For those of you who watch such things – it seems that Google have just started a backlink update.
I’m noticing significant shifts in MSN search results today on most of my blogs. They must have just done some sort of update. I can’t see any discussion of this in forums however so it could be just on my domains.
Since its inception the results were artificially high (for example I ranked number 1 for some very popular search terms on some brand new blogs) – so I was expecting an adjustment – today it came.
Whilst its sad to lose a little traffic (it never sent a huge amount) because of it I’m also happy because it shows MSN are becoming more accurate with their rankings – my blogs didn’t deserve the position that they had this early in their life.
Getting your blog ranked highly in Search Engines can be a complicated task – so can sifting through all the theories being espoused by SEO ‘experts’. Everyone has their theory. As a result I like it when people put together simple well thought out lists that even a non technical person like myself can get his head around at the end of a hard week’s blogging.
SEO and Online marketing have put together a helpful list of 8 places to put your keywords in your blog if you want the Search Engines to look favorably upon you. Being smart about using keywords (the words you want people to find your blog with in Search Engines) – is generally accepted as important factor in SEO.
Here’s the list (each point is expanded upon in their post):
1. Use Your Keywords in Text Links for ALL Links – Inbound and Outbound.
2. Use Your Keywords in the Page’s Title Tag.
3. Put Your Keyword in Your Description Tag.
4. Place Your Keywords in a Keywords Tag.
5. Make Sure You Use Your Keyword in Your Heading Tags.
6. Put Your Keywords in Bold Text in Several Places on the Page.
7. Use Your Keyword in Text Early – and Often.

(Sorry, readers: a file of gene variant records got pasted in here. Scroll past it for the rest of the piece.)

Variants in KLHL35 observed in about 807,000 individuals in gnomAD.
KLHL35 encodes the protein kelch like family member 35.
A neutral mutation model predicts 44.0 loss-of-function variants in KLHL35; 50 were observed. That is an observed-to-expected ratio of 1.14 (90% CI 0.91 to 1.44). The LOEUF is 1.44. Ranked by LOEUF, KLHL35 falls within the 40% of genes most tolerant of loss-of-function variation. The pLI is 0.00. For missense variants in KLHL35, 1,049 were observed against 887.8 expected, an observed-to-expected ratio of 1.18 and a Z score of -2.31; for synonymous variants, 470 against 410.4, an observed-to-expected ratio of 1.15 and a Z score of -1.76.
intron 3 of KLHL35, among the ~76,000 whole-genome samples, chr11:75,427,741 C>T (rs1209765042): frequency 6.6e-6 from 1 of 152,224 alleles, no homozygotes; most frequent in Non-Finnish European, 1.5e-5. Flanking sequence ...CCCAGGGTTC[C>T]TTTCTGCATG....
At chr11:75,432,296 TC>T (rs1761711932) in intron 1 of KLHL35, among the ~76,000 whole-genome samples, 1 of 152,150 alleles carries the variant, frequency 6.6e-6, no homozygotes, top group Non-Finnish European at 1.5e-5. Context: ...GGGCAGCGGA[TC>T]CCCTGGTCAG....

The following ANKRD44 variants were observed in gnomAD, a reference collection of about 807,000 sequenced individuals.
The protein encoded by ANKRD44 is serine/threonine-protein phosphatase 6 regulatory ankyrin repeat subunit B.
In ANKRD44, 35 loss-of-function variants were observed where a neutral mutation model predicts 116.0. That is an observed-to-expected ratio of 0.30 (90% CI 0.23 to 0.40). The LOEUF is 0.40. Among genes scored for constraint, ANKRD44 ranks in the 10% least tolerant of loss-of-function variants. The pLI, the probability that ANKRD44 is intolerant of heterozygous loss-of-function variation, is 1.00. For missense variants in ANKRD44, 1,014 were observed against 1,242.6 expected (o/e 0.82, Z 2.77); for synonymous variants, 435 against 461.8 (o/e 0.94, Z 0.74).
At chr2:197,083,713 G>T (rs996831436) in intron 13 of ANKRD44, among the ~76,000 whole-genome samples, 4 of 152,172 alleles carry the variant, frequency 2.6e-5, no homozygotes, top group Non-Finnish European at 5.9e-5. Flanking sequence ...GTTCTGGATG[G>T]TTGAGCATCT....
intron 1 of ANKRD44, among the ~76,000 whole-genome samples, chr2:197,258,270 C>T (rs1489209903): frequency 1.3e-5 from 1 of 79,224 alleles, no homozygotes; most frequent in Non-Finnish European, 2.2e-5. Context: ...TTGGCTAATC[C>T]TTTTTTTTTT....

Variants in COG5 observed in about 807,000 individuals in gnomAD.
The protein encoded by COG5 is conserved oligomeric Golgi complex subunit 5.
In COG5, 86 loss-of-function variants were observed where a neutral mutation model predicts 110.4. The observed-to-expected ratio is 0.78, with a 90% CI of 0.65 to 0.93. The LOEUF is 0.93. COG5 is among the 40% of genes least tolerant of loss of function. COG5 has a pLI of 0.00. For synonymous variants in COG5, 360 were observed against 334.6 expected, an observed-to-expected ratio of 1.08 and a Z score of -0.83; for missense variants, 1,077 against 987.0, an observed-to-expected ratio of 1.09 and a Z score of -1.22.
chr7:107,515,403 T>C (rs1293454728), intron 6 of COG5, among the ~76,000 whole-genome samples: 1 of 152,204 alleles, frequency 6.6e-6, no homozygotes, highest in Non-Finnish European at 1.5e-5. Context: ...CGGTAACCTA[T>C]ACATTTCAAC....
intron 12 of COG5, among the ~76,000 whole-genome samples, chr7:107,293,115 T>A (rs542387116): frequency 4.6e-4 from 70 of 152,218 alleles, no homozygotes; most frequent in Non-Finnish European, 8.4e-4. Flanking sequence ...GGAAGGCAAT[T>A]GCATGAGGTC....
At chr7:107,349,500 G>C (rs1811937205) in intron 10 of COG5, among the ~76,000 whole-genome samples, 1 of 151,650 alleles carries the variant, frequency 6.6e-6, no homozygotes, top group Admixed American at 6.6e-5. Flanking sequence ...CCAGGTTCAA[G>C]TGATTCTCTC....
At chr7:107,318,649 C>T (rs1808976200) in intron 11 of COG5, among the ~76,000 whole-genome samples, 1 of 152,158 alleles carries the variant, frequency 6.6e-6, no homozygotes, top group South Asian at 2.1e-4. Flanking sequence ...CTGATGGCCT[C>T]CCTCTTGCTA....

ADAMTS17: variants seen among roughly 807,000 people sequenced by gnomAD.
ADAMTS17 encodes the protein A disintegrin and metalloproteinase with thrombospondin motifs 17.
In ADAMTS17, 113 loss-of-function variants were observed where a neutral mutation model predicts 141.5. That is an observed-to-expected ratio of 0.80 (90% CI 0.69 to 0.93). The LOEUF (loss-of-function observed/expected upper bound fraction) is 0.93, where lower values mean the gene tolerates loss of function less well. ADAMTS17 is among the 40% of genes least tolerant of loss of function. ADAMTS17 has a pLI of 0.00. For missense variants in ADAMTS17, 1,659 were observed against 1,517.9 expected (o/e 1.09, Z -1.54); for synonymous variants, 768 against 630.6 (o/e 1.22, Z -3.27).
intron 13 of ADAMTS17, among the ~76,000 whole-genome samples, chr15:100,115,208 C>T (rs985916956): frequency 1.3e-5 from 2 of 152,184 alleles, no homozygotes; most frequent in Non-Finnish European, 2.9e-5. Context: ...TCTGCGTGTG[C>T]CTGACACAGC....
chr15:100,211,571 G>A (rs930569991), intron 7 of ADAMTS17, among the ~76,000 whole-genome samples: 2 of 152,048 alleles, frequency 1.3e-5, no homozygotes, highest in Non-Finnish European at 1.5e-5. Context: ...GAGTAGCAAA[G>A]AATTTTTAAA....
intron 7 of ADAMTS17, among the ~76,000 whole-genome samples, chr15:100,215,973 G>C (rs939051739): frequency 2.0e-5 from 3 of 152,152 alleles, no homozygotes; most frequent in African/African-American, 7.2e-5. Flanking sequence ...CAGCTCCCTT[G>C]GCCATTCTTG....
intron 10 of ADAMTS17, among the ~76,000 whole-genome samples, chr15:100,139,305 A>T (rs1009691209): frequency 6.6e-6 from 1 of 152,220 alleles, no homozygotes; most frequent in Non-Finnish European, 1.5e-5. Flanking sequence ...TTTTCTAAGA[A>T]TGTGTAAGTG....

8. Use Your Keywords in Alt Tags.
Eric Ward at Search Engine Guide writes about the power of the passive inbound link. In short – a passive link is a link you don’t buy, ask for or trade links for. His premise is that passive links are a more powerful type of link than others – especially reciprocal ones. Search Engines treat such links as a vote for the authority of your site.
This is one of the strengths of blogging – write something original, clever, witty, powerful, touching, insightful, controversial (linkable) and the links tend to come in. Whilst you can spend all your time emailing people and asking for links with the offer of linking to others, the best strategy for getting passive links is simply to run a quality blog.
If you want an example of this principle currently in progress check out what happens when you land a big story – like the Engadget interview with Bill Gates today. I must have seen at least 15 links to it in the past hour and technorati reveals more.
Karon Thackston wrote a good piece recently over at WebProNews that I’ve been meaning to link to. She breaks down the posting process into 9 elements for writing posts and articles that will rank well in Search Engines. They are good, basic, non technical tips for bloggers wanting a simple starting point for thinking about SEO. It is easy to get caught up in the technicalities of SEO – but if you at least start with these tips you’ll be on the right track.
1) Use Three Keyphrases Per Page
2) Have 250 or More Words of Copy
3) Write In Natural Language
4) Use Keyword Phrases In Headlines and Sub-headlines